Pillay condemns continuing attacks on civilians in Gaza
Pillay condemns continuing attacks on civilians in Gaza
31 July 2014
GENEVA: UN High Commissioner for Human Rights Navi Pillay on Thursday strongly condemned the 30 July shelling by Israeli military forces of a UN school in Gaza sheltering people fleeing the violence, as well as other attacks on schools, hospitals, places of worship and vital infrastructure such as Gaza’s only electric power plant.
She underlined the need for “real accountability considering the increasing evidence of war crimes and an ever-growing number of civilian casualties, including some 250 children.”
“Six UN schools have now been hit, including another deadly strike on 24 July that also killed civilians,” Pillay said. “The shelling and bombing of UN schools which have resulted in the killing and maiming of frightened women and children and civilian men, including UN staff, seeking shelter from the conflict are horrific acts and may possibly amount to war crimes,” Pillay said. “If civilians cannot take refuge in UN schools, where can they be safe? They leave their homes to seek safety – and are then subjected to attack in the places they flee to. This is a grotesque situation.”
“Under international law, humanitarian relief personnel and objects used for relief operations – this would include UNRWA schools in Gaza being used as shelters – must be respected and protected,” Pillay said. “An attack against humanitarian relief personnel and objects used exclusively for relief operations, is a violation of international humanitarian law and may amount to a war crime.”
The situation in the Gaza strip has markedly deteriorated in recent days, as Israeli military forces expanded their bombardment and military ground operations. Since the Israeli military operation began on the night of 7 July, more than 2,700 air raids, firing more than 4,000 missiles, have been conducted in addition to artillery and naval bombardment.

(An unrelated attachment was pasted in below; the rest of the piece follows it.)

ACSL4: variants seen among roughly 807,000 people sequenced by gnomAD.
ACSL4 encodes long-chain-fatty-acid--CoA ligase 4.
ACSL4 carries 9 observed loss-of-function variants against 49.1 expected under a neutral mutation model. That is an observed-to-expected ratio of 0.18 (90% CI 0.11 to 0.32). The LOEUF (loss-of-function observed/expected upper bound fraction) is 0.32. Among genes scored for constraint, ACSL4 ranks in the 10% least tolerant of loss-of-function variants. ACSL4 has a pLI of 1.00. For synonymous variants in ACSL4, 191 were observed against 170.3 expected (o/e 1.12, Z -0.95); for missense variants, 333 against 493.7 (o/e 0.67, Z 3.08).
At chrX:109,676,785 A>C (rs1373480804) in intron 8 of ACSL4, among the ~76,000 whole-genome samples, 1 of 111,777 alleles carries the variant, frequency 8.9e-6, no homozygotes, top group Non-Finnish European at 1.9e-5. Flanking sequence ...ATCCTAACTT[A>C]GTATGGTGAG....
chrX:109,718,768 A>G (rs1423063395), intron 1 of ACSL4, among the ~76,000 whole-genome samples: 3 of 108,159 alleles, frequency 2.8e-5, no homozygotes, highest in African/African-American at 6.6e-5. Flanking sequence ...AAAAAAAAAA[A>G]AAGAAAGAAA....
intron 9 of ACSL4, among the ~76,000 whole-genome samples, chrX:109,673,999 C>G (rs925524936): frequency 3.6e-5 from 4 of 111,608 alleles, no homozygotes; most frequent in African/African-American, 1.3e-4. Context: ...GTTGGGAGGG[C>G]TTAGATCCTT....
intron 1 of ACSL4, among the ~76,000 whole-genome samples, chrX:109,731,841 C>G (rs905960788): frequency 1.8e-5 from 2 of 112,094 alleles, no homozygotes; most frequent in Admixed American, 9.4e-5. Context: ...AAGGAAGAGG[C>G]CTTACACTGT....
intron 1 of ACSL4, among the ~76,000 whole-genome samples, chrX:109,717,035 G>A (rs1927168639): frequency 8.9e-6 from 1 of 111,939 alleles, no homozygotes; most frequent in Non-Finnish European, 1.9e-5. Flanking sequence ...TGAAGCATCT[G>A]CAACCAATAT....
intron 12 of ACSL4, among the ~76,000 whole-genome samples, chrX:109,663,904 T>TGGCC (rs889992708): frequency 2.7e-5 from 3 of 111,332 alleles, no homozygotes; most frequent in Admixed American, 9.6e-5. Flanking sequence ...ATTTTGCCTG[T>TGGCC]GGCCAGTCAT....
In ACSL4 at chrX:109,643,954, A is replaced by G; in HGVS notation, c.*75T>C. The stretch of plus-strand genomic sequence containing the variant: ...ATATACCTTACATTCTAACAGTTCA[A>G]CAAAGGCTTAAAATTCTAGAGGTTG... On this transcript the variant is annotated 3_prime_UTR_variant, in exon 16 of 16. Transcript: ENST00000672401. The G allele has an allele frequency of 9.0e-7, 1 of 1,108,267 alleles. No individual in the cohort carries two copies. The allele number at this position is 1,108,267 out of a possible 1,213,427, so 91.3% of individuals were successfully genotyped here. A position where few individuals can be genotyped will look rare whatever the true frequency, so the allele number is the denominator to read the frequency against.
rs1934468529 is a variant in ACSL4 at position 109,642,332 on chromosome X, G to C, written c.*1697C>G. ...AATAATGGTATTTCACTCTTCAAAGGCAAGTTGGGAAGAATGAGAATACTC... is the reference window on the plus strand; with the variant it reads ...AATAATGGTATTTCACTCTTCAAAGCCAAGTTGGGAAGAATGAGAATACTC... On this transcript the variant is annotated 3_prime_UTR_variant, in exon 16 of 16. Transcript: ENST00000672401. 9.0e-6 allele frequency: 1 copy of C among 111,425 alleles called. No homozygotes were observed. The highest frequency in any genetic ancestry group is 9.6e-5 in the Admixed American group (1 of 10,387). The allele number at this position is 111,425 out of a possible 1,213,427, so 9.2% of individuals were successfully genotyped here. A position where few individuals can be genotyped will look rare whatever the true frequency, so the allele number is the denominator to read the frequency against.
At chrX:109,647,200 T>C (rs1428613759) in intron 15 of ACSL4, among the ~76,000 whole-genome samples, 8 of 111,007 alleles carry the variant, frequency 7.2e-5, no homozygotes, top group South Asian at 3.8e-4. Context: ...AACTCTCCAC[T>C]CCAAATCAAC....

As of 4:00 p.m. on Wednesday, more than 1,200 Palestinians had been killed, including at least 850 civilians. More than 250,000 have been displaced, many on multiple occasions, with the shelters overflowing and unable to accommodate terrified new arrivals.
“The numbers don’t begin to adequately tell the tale of the ongoing human tragedy in Gaza,” said Pillay. “What we are witnessing is the killing of entire families, and of children in the street either playing or trying to find safety. Waves and waves of ordinary people continue to flee their homes as the already weak infrastructure in Gaza caves in under the relentless bombardment.”
Pillay expressed alarm at how this crisis has gravely affected civilians in Gaza, including an attack on Beach camp on 28 July, in which 12 children and an elderly man were killed while playing, walking or buying supplies in shops. There were reports of a similar attack in the Shi’jaiya neighbourhood of Gaza yesterday, an area already subjected to intense bombardment, when a marketplace was bombed during a supposed humanitarian ceasefire, with many civilians killed.
“The killing of civilians, including children, as they played or shopped in Beach Camp in Gaza during the end-of-Ramadan Eid, traditionally a time of celebration and happiness, is profoundly disturbing,” the High Commissioner said. “According to initial reports there were no military activities in the area, which begs the question – what possible justification could there be for such an attack?”